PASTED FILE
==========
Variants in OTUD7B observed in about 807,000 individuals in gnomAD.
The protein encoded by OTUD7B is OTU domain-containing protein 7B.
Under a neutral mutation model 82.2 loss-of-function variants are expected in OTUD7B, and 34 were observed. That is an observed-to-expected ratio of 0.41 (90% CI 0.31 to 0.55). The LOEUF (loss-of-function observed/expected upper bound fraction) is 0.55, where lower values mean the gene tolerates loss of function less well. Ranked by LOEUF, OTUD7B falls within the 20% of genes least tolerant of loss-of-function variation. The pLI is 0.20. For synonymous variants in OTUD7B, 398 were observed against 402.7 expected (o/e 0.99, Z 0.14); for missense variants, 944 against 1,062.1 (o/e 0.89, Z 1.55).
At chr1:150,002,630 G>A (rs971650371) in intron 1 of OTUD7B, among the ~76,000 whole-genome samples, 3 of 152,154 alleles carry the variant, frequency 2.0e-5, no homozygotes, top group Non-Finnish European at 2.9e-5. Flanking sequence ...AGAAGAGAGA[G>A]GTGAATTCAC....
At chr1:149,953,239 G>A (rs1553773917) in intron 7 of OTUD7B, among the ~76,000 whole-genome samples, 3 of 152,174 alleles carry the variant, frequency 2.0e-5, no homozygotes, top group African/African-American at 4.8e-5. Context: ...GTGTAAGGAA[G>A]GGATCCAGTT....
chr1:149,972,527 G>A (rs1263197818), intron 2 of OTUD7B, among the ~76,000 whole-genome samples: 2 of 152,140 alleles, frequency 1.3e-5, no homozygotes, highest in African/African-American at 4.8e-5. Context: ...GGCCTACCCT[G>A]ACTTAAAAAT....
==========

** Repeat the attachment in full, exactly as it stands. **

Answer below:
Variants in OTUD7B observed in about 807,000 individuals in gnomAD.
The protein encoded by OTUD7B is OTU domain-containing protein 7B.
Under a neutral mutation model 82.2 loss-of-function variants are expected in OTUD7B, and 34 were observed. That is an observed-to-expected ratio of 0.41 (90% CI 0.31 to 0.55). The LOEUF (loss-of-function observed/expected upper bound fraction) is 0.55, where lower values mean the gene tolerates loss of function less well. Ranked by LOEUF, OTUD7B falls within the 20% of genes least tolerant of loss-of-function variation. The pLI is 0.20. For synonymous variants in OTUD7B, 398 were observed against 402.7 expected (o/e 0.99, Z 0.14); for missense variants, 944 against 1,062.1 (o/e 0.89, Z 1.55).
At chr1:150,002,630 G>A (rs971650371) in intron 1 of OTUD7B, among the ~76,000 whole-genome samples, 3 of 152,154 alleles carry the variant, frequency 2.0e-5, no homozygotes, top group Non-Finnish European at 2.9e-5. Flanking sequence ...AGAAGAGAGA[G>A]GTGAATTCAC....
At chr1:149,953,239 G>A (rs1553773917) in intron 7 of OTUD7B, among the ~76,000 whole-genome samples, 3 of 152,174 alleles carry the variant, frequency 2.0e-5, no homozygotes, top group African/African-American at 4.8e-5. Context: ...GTGTAAGGAA[G>A]GGATCCAGTT....
chr1:149,972,527 G>A (rs1263197818), intron 2 of OTUD7B, among the ~76,000 whole-genome samples: 2 of 152,140 alleles, frequency 1.3e-5, no homozygotes, highest in African/African-American at 4.8e-5. Context: ...GGCCTACCCT[G>A]ACTTAAAAAT....